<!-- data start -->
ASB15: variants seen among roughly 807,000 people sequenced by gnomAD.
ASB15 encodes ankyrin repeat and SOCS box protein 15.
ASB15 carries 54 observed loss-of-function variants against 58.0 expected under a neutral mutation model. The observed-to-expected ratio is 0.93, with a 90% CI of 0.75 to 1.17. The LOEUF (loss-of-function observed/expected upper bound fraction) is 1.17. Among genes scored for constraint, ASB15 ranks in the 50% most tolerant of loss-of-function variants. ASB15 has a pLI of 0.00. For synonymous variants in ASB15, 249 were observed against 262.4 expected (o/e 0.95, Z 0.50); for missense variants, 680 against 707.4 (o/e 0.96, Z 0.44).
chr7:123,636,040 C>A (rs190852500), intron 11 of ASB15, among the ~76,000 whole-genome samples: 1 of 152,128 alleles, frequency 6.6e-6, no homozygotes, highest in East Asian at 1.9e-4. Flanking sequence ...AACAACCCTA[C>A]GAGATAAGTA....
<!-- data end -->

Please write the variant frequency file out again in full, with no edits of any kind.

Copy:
ASB15: variants seen among roughly 807,000 people sequenced by gnomAD.
ASB15 encodes ankyrin repeat and SOCS box protein 15.
ASB15 carries 54 observed loss-of-function variants against 58.0 expected under a neutral mutation model. The observed-to-expected ratio is 0.93, with a 90% CI of 0.75 to 1.17. The LOEUF (loss-of-function observed/expected upper bound fraction) is 1.17. Among genes scored for constraint, ASB15 ranks in the 50% most tolerant of loss-of-function variants. ASB15 has a pLI of 0.00. For synonymous variants in ASB15, 249 were observed against 262.4 expected (o/e 0.95, Z 0.50); for missense variants, 680 against 707.4 (o/e 0.96, Z 0.44).
chr7:123,636,040 C>A (rs190852500), intron 11 of ASB15, among the ~76,000 whole-genome samples: 1 of 152,128 alleles, frequency 6.6e-6, no homozygotes, highest in East Asian at 1.9e-4. Flanking sequence ...AACAACCCTA[C>A]GAGATAAGTA....